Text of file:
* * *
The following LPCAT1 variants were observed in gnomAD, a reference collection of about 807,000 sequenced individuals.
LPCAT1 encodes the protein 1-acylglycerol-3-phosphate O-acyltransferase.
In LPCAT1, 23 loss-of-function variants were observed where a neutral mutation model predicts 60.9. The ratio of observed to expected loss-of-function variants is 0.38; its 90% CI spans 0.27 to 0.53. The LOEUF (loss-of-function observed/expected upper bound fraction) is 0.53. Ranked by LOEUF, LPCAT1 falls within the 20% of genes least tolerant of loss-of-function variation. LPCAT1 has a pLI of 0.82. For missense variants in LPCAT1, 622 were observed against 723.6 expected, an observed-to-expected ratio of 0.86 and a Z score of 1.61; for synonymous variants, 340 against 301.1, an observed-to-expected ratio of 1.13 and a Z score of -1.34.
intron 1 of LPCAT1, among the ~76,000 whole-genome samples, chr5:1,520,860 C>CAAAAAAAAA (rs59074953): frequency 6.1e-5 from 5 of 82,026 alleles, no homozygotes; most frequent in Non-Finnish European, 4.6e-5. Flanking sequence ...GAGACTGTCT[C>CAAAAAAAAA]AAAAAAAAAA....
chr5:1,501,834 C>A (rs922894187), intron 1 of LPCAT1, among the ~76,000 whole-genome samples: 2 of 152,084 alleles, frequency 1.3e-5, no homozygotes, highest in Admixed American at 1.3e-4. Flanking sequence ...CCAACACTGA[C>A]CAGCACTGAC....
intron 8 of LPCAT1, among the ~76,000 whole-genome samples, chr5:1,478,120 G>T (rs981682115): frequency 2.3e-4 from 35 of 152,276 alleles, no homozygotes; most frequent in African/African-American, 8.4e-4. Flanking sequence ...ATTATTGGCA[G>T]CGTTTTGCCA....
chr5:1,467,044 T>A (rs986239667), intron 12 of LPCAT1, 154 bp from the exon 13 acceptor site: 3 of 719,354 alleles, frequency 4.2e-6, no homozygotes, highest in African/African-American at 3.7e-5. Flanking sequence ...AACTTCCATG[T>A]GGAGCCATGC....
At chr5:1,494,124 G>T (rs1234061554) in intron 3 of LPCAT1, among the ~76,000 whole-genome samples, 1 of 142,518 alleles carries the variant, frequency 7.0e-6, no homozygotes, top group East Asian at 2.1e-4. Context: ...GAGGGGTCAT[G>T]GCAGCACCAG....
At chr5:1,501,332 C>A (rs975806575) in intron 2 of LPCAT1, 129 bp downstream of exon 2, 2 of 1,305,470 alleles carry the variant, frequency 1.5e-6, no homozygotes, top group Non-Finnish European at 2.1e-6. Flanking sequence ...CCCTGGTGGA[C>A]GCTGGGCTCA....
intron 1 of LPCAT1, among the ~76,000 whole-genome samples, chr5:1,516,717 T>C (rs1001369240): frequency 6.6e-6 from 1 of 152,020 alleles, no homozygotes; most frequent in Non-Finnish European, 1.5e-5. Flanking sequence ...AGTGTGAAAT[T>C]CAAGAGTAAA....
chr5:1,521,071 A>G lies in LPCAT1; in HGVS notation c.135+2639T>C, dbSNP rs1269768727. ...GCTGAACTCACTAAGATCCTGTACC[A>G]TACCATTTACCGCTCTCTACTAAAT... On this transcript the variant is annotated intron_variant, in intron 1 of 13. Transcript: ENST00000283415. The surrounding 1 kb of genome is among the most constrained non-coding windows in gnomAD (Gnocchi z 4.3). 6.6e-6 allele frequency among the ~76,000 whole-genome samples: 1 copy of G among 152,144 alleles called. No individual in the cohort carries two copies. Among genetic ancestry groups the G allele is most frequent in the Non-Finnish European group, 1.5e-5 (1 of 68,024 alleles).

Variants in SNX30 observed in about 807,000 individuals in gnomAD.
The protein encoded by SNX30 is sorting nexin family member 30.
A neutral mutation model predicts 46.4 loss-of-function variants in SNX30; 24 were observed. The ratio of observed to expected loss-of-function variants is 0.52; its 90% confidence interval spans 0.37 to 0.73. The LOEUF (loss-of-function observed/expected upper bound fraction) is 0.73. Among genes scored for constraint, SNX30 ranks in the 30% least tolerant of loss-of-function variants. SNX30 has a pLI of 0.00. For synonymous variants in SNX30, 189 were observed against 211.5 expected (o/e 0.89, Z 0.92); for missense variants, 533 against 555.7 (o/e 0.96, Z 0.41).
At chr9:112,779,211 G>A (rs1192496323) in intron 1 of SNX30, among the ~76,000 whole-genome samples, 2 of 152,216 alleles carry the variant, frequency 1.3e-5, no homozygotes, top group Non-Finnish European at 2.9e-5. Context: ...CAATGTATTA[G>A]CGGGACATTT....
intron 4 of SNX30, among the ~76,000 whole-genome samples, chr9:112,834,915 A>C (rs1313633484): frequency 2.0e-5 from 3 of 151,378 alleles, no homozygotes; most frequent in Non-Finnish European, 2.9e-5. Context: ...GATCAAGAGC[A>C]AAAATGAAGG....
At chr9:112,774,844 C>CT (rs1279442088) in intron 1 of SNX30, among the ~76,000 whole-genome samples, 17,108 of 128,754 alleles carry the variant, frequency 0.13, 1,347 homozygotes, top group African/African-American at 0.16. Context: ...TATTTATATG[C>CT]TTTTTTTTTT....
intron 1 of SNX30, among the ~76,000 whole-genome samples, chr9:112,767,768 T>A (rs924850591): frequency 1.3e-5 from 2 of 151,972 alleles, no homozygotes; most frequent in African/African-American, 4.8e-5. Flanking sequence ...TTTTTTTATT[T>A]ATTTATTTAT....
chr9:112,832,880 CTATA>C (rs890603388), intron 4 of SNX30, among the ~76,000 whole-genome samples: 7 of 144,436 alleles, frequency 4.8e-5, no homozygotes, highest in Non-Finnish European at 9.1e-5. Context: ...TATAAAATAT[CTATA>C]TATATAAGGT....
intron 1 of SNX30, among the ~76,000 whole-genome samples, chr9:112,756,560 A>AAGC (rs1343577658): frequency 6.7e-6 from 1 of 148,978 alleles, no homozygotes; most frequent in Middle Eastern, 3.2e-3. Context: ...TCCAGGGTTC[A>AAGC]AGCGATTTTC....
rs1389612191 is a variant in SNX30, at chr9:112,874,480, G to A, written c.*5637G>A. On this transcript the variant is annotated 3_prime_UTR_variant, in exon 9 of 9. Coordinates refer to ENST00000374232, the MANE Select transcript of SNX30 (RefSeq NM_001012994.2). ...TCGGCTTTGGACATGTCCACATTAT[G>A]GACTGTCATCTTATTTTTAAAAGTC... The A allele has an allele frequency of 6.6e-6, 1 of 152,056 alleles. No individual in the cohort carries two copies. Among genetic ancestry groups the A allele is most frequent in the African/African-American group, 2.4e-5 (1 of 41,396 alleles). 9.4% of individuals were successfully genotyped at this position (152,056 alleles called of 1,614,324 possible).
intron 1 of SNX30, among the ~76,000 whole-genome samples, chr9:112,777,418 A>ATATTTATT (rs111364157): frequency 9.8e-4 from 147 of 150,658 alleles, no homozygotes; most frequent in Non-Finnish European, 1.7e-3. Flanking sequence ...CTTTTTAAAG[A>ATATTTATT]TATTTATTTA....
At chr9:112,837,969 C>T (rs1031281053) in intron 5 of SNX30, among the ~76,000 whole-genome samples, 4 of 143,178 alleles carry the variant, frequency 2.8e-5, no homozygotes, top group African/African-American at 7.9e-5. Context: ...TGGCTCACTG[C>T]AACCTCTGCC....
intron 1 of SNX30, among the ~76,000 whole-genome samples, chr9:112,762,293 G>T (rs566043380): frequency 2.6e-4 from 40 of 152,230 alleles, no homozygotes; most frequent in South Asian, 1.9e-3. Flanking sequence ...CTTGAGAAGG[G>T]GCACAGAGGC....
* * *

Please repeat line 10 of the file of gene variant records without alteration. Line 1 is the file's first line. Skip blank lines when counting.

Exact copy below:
intron 1 of LPCAT1, among the ~76,000 whole-genome samples, chr5:1,516,717 T>C (rs1001369240): frequency 6.6e-6 from 1 of 152,020 alleles, no homozygotes; most frequent in Non-Finnish European, 1.5e-5. Flanking sequence ...AGTGTGAAAT[T>C]CAAGAGTAAA....